Rapid charge, long-life batteries made from low-cost and abundant aluminium are set to emerge from research led by Taiwan’s Industrial Technology Research Institute (ITRI). The ultrafast rechargeable aluminum battery (URABat) technology was unveiled at the All Energy event in Glasgow, UK, last week.
Developed in a collaborative research project with Stanford University in the USA, the aluminium ion technology is expected to possess similar performance characteristics to existing battery designs. However, in contrast to the currently dominant technologies such as lithium ion, aluminium is a very common element and is therefore easily obtained at a relatively low cost.
Aluminium battery technology is also able to withstand 10,000 charge and discharge cycles without perceptible degradation in performance, far exceeding many of the existing battery designs and significantly reducing the specific cost.
The aluminium battery design is based on aluminium and an aluminium salt electrolyte gel from ITRI, together with a graphite membrane developed by Stanford University.
In addition to its attractive power density, rapid charging capability, low cost, long lifespan and safety characteristics, the aluminium ion technology is flexible and formable, making it suitable for numerous applications.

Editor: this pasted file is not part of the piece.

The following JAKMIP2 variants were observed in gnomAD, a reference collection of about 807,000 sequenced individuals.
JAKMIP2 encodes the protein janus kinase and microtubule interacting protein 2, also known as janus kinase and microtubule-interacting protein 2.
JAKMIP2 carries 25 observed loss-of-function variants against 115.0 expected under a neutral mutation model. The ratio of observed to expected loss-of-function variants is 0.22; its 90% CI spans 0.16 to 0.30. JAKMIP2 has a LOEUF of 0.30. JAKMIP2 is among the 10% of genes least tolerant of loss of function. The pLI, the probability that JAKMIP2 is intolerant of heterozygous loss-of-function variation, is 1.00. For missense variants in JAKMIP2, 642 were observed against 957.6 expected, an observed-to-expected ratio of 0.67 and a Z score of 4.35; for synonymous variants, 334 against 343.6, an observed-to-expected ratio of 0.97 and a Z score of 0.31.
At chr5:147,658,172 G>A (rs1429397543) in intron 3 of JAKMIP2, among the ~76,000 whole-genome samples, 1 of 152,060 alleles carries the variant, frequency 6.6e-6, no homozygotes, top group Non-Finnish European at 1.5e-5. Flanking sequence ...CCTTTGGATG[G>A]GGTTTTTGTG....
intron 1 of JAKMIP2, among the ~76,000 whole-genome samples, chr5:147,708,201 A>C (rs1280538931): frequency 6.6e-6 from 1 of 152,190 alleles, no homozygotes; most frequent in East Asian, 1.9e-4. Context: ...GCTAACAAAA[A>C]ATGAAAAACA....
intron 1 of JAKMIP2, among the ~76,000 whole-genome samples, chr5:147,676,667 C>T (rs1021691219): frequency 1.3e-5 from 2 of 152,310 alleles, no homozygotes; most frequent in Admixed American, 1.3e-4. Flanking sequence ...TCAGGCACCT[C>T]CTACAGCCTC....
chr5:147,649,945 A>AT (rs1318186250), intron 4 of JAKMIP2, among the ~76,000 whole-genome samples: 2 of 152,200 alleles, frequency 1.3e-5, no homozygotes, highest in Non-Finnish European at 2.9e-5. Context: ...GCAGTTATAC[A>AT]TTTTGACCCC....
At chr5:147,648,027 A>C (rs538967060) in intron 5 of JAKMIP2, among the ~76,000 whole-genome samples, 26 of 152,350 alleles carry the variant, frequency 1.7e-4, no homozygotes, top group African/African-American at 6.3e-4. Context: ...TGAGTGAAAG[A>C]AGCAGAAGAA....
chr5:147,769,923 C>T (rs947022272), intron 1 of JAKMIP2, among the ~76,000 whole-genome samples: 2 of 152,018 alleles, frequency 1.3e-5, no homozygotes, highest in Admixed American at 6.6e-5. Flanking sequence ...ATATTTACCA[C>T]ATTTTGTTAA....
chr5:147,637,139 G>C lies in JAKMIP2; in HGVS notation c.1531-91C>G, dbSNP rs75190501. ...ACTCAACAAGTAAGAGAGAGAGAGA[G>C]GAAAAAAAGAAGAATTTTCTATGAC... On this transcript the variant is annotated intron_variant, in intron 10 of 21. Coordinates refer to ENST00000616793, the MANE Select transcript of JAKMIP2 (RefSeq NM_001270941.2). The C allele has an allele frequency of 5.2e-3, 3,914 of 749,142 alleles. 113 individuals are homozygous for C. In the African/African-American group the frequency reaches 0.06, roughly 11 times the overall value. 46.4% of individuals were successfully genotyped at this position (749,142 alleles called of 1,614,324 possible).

This year the novel battery design has already been presented with a silver medal at the prestigious 2017 Edison Award.
ITRI researcher Dr Chien-Chih Chiang explained that the next phase of development is now aimed at doubling or even tripling the energy storage capacity of the battery technology.
Dr Chiang said, “Currently energy densities are around 40 kWh/kg for this aluminium ion battery technology, we expect to boost that to 60-80 kWh/kg before launching the system on a commercial basis.”
With technology trials underway in an electric scooter, aluminium ion batteries are already suitable for commercial production, but ITRI is seeking additional collaborative partners to accelerate the process of development and rollout.